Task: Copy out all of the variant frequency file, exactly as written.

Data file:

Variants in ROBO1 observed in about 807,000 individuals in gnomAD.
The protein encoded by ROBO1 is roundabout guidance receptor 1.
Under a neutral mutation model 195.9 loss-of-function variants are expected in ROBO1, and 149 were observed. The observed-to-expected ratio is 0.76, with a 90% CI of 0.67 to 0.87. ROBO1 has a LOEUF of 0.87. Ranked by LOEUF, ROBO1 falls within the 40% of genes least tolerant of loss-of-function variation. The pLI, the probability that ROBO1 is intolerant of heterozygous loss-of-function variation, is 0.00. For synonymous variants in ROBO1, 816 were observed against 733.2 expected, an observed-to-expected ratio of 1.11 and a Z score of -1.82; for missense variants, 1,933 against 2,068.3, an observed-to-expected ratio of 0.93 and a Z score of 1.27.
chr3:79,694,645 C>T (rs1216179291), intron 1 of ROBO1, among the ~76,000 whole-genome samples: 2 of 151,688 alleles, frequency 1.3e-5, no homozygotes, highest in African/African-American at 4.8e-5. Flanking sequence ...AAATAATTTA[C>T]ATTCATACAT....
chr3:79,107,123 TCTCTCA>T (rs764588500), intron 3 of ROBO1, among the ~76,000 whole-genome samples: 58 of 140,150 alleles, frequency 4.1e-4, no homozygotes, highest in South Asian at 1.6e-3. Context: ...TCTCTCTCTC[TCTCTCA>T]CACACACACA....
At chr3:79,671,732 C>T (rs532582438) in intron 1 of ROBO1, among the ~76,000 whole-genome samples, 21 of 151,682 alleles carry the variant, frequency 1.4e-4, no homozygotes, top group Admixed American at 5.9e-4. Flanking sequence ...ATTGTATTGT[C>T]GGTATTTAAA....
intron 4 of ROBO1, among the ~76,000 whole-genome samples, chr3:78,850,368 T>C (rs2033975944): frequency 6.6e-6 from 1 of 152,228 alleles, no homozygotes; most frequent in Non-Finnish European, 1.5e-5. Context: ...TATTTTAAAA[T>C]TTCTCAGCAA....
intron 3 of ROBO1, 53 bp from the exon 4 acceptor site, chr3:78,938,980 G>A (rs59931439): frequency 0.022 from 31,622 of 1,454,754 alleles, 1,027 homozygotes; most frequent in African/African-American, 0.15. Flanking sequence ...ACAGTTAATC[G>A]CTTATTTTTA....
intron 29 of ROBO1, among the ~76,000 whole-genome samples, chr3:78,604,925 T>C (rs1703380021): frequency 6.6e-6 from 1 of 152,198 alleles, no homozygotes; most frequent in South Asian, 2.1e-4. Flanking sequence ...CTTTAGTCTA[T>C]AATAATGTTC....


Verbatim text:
Variants in ROBO1 observed in about 807,000 individuals in gnomAD.
The protein encoded by ROBO1 is roundabout guidance receptor 1.
Under a neutral mutation model 195.9 loss-of-function variants are expected in ROBO1, and 149 were observed. The observed-to-expected ratio is 0.76, with a 90% CI of 0.67 to 0.87. ROBO1 has a LOEUF of 0.87. Ranked by LOEUF, ROBO1 falls within the 40% of genes least tolerant of loss-of-function variation. The pLI, the probability that ROBO1 is intolerant of heterozygous loss-of-function variation, is 0.00. For synonymous variants in ROBO1, 816 were observed against 733.2 expected, an observed-to-expected ratio of 1.11 and a Z score of -1.82; for missense variants, 1,933 against 2,068.3, an observed-to-expected ratio of 0.93 and a Z score of 1.27.
chr3:79,694,645 C>T (rs1216179291), intron 1 of ROBO1, among the ~76,000 whole-genome samples: 2 of 151,688 alleles, frequency 1.3e-5, no homozygotes, highest in African/African-American at 4.8e-5. Flanking sequence ...AAATAATTTA[C>T]ATTCATACAT....
chr3:79,107,123 TCTCTCA>T (rs764588500), intron 3 of ROBO1, among the ~76,000 whole-genome samples: 58 of 140,150 alleles, frequency 4.1e-4, no homozygotes, highest in South Asian at 1.6e-3. Context: ...TCTCTCTCTC[TCTCTCA>T]CACACACACA....
At chr3:79,671,732 C>T (rs532582438) in intron 1 of ROBO1, among the ~76,000 whole-genome samples, 21 of 151,682 alleles carry the variant, frequency 1.4e-4, no homozygotes, top group Admixed American at 5.9e-4. Flanking sequence ...ATTGTATTGT[C>T]GGTATTTAAA....
intron 4 of ROBO1, among the ~76,000 whole-genome samples, chr3:78,850,368 T>C (rs2033975944): frequency 6.6e-6 from 1 of 152,228 alleles, no homozygotes; most frequent in Non-Finnish European, 1.5e-5. Context: ...TATTTTAAAA[T>C]TTCTCAGCAA....
intron 3 of ROBO1, 53 bp from the exon 4 acceptor site, chr3:78,938,980 G>A (rs59931439): frequency 0.022 from 31,622 of 1,454,754 alleles, 1,027 homozygotes; most frequent in African/African-American, 0.15. Flanking sequence ...ACAGTTAATC[G>A]CTTATTTTTA....
intron 29 of ROBO1, among the ~76,000 whole-genome samples, chr3:78,604,925 T>C (rs1703380021): frequency 6.6e-6 from 1 of 152,198 alleles, no homozygotes; most frequent in South Asian, 2.1e-4. Flanking sequence ...CTTTAGTCTA[T>C]AATAATGTTC....